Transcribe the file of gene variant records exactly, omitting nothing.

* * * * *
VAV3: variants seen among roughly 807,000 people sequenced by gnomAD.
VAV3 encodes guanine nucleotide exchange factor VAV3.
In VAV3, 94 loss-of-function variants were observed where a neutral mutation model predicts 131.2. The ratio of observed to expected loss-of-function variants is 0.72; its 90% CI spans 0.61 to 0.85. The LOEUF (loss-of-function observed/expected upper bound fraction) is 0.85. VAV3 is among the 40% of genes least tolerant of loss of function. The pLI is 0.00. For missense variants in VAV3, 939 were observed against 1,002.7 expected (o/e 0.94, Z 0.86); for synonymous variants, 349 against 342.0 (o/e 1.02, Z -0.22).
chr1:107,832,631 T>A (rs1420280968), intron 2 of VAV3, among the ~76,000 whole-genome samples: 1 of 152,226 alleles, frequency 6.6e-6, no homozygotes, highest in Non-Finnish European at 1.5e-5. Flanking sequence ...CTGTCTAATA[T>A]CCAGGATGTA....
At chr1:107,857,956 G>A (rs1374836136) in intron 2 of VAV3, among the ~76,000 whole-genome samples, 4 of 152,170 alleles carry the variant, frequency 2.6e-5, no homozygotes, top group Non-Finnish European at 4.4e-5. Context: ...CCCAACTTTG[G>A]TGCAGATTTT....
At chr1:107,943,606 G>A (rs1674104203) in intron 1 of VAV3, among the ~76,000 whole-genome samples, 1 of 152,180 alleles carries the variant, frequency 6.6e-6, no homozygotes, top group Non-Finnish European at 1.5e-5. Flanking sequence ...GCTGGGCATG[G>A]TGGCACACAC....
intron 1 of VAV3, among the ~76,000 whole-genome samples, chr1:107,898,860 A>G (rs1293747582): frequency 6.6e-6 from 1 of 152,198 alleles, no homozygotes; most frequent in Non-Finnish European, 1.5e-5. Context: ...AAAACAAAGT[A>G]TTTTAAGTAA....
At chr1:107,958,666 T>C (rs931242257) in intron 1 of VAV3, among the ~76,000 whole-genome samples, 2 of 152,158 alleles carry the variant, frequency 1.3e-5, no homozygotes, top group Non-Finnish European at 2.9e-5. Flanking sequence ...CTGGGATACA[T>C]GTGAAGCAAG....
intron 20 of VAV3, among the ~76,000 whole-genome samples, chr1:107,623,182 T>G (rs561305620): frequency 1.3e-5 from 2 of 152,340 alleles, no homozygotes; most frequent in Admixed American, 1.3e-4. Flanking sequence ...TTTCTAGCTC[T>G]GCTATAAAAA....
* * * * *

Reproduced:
VAV3: variants seen among roughly 807,000 people sequenced by gnomAD.
VAV3 encodes guanine nucleotide exchange factor VAV3.
In VAV3, 94 loss-of-function variants were observed where a neutral mutation model predicts 131.2. The ratio of observed to expected loss-of-function variants is 0.72; its 90% CI spans 0.61 to 0.85. The LOEUF (loss-of-function observed/expected upper bound fraction) is 0.85. VAV3 is among the 40% of genes least tolerant of loss of function. The pLI is 0.00. For missense variants in VAV3, 939 were observed against 1,002.7 expected (o/e 0.94, Z 0.86); for synonymous variants, 349 against 342.0 (o/e 1.02, Z -0.22).
chr1:107,832,631 T>A (rs1420280968), intron 2 of VAV3, among the ~76,000 whole-genome samples: 1 of 152,226 alleles, frequency 6.6e-6, no homozygotes, highest in Non-Finnish European at 1.5e-5. Flanking sequence ...CTGTCTAATA[T>A]CCAGGATGTA....
At chr1:107,857,956 G>A (rs1374836136) in intron 2 of VAV3, among the ~76,000 whole-genome samples, 4 of 152,170 alleles carry the variant, frequency 2.6e-5, no homozygotes, top group Non-Finnish European at 4.4e-5. Context: ...CCCAACTTTG[G>A]TGCAGATTTT....
At chr1:107,943,606 G>A (rs1674104203) in intron 1 of VAV3, among the ~76,000 whole-genome samples, 1 of 152,180 alleles carries the variant, frequency 6.6e-6, no homozygotes, top group Non-Finnish European at 1.5e-5. Flanking sequence ...GCTGGGCATG[G>A]TGGCACACAC....
intron 1 of VAV3, among the ~76,000 whole-genome samples, chr1:107,898,860 A>G (rs1293747582): frequency 6.6e-6 from 1 of 152,198 alleles, no homozygotes; most frequent in Non-Finnish European, 1.5e-5. Context: ...AAAACAAAGT[A>G]TTTTAAGTAA....
At chr1:107,958,666 T>C (rs931242257) in intron 1 of VAV3, among the ~76,000 whole-genome samples, 2 of 152,158 alleles carry the variant, frequency 1.3e-5, no homozygotes, top group Non-Finnish European at 2.9e-5. Flanking sequence ...CTGGGATACA[T>C]GTGAAGCAAG....
intron 20 of VAV3, among the ~76,000 whole-genome samples, chr1:107,623,182 T>G (rs561305620): frequency 1.3e-5 from 2 of 152,340 alleles, no homozygotes; most frequent in Admixed American, 1.3e-4. Flanking sequence ...TTTCTAGCTC[T>G]GCTATAAAAA....